You want to start your own Amazon FBA business, but unsure of the amount of money you need to get going? This article will have all of the answers you need. Note, it’s based for Retail & Online Arbitrage, not Private Label.
In order to start selling on Amazon, we advise that you enter with a minimum bankroll of £3,000. This gives you just enough room to source items whilst waiting for other items to sell.
The good news is that you don’t need a massive amount of capital to start an Amazon FBA business. You can start with as little as £500, but it’s going to be a much longer process to make money. However, as with most things in life, the more money you have, the more flexibility you have.
There are some staple tools that you’re going to need (SellerAMP & Keepa) which would take up a considerable amount of that £500.
So to comfortably afford all of these tools and have enough capital, you should have between £3,000 and £5,000.
Your main costs as a seller are going to be product purchasing. You will also have to ship the items into Amazon Fulfilment Centers via UPS, but we get discounted shipping as FBA sellers.
You may also need to purchase packaging supplies (boxes and tape mainly) but if you can obtain these for free that will be another cost-saving exercise.
Starting an Amazon FBA Business
If you’re looking to start an Amazon FBA business, you’ll need to consider your initial capital requirements. While it’s possible to start with as little as £500 in inventory, most people opt to start with more. If you start with £500, you’ll eventually have to wait for your items to sell before purchasing new products, which can slow down growth.
Your main costs as a seller are going to be product purchasing. You will also have to ship the items into Amazon Fulfilment Centers via UPS, but we get discounted shipping as FBA sellers. You may also need to purchase packaging supplies (boxes and tape mainly) but if you can obtain these for free that will be another cost-saving exercise.
Initial Capital Requirements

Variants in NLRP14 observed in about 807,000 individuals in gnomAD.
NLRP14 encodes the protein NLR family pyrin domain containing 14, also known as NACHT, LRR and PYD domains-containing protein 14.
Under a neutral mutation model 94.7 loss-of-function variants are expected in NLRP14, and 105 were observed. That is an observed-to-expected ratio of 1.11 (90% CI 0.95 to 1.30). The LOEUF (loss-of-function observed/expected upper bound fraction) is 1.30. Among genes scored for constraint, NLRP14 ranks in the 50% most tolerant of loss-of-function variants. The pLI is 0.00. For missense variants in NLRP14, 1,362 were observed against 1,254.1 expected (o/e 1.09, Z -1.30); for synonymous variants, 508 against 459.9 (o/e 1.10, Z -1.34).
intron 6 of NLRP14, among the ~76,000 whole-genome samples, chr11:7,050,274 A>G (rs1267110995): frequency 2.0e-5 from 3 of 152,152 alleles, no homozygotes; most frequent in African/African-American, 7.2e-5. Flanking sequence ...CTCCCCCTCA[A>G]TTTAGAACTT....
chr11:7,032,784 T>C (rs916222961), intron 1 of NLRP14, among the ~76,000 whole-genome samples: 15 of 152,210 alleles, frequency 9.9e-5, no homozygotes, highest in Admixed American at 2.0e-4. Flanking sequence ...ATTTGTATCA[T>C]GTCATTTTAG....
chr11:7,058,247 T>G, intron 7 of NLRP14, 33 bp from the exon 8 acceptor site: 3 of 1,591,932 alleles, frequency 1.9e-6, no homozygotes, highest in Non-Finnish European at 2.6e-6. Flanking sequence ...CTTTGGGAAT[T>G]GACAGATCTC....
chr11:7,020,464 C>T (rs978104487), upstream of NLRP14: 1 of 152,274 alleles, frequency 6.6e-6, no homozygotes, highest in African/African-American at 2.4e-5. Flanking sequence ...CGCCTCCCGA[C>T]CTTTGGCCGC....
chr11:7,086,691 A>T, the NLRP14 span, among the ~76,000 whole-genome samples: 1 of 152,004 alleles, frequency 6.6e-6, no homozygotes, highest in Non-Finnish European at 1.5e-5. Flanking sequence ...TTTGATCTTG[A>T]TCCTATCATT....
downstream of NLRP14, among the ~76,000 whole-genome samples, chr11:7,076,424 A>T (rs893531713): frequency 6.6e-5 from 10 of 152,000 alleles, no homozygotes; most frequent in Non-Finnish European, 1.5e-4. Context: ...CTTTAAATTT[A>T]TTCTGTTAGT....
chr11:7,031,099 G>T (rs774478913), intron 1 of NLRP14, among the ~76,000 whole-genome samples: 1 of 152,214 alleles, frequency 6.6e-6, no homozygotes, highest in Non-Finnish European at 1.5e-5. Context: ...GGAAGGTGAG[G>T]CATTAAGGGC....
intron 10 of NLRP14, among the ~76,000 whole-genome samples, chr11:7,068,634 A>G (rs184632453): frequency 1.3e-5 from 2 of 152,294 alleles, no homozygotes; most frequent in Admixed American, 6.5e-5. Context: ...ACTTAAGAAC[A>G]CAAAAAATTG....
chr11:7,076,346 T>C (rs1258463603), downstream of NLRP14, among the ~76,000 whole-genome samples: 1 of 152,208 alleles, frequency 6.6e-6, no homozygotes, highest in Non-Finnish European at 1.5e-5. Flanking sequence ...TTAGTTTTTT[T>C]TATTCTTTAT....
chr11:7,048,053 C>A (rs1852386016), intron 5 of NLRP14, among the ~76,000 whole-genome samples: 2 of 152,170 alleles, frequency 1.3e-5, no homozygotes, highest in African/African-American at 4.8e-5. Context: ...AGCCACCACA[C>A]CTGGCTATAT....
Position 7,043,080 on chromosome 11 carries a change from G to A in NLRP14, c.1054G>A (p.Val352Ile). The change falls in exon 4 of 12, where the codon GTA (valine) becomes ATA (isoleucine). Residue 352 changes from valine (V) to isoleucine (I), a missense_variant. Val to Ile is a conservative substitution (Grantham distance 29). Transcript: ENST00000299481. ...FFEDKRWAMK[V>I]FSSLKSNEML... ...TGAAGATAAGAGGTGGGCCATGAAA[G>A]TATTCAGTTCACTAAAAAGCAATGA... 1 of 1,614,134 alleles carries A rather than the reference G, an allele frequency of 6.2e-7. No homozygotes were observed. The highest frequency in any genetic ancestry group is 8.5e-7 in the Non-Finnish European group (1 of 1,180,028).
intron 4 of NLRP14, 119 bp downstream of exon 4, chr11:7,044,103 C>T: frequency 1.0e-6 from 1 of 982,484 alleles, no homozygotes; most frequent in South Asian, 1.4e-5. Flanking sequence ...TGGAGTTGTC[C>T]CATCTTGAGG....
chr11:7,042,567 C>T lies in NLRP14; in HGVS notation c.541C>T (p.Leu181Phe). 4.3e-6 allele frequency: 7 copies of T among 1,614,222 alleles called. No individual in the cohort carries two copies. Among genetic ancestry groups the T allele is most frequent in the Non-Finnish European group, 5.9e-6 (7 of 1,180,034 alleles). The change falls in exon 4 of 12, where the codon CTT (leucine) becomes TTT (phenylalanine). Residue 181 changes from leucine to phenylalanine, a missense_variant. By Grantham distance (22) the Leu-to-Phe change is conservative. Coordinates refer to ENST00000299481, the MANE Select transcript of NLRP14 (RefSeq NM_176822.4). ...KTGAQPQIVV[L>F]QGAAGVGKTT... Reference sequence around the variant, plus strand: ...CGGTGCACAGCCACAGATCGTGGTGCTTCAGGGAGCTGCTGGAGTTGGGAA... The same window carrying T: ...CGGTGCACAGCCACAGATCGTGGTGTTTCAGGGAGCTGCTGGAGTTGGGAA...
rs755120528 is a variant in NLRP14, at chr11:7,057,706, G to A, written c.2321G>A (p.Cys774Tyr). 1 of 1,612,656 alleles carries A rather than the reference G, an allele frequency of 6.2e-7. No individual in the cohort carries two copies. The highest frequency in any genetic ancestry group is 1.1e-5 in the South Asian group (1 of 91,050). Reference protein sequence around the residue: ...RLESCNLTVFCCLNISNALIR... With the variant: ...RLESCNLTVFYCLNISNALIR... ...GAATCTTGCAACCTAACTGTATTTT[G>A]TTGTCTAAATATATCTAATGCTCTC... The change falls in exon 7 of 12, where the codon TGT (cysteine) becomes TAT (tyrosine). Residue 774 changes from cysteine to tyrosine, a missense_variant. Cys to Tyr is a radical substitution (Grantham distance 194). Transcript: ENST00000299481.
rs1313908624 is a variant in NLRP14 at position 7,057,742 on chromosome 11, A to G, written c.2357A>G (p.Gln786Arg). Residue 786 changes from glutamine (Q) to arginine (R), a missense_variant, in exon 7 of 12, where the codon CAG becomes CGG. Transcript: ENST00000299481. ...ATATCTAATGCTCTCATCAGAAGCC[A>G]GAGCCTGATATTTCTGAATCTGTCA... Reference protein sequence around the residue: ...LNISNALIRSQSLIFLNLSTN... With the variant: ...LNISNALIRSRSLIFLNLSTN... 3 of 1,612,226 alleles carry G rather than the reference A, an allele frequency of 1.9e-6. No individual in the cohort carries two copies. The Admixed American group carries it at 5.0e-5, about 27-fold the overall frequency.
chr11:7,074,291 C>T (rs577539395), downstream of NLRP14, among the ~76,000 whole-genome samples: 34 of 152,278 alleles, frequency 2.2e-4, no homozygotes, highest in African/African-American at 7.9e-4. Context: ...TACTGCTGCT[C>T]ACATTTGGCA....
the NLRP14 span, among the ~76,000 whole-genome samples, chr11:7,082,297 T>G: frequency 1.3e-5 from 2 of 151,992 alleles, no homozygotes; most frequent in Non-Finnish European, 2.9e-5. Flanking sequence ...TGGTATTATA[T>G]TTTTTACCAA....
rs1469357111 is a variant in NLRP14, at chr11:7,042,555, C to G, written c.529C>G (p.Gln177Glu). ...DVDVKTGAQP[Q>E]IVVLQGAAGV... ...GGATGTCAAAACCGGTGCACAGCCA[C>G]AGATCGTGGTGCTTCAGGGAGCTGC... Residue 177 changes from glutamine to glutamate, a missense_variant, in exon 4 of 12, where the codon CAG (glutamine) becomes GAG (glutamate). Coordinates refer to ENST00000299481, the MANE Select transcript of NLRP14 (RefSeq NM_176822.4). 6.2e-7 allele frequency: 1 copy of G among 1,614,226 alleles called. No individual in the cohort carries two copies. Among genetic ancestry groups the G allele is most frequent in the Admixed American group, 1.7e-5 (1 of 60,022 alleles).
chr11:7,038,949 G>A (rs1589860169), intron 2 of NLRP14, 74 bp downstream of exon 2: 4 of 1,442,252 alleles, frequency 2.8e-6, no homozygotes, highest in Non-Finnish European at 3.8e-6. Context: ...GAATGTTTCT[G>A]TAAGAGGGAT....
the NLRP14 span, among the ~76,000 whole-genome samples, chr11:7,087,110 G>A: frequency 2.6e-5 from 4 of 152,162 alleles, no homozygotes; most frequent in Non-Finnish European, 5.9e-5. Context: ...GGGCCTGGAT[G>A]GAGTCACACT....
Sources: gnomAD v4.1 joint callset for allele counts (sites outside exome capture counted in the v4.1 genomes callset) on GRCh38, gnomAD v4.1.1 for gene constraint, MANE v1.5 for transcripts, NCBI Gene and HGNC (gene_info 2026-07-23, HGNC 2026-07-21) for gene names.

As previously mentioned, you can start an Amazon FBA business with as little as £500 in inventory. However, it’s important to keep in mind that this may not be enough to cover all of your startup costs. Here are some things to consider when determining your initial capital requirements:
- Inventory: This will likely be your biggest expense. You’ll need to purchase enough inventory to meet demand, but not so much that you’re left with excess stock.
- Packaging: You’ll need to follow Amazon Packaging Guidelines to ensure the product is delivered safely.
- Shipping: You’ll need to factor in the cost of shipping your products to Amazon’s warehouses, as well as the cost of shipping them to customers.
You could end up spending £200 on a Scanner, which would take 40% of your entire bankroll. This isn’t ideal and will ultimately leave you worried that you’re exposed to returns etc, which might cause you more hassle than it’s worth.
It’s important to remember that your initial capital requirements will vary depending on your niche and the products you’re selling.
Some niches may require more expensive inventory, but you can always pick your battles and focus yourself on the lower priced items.
Tools & Supplies Needed
Before you even sign up for your Amazon Seller Account, you’ll need to have access to specific Tools and Supplies. I’ve separated these into essentials and recommended: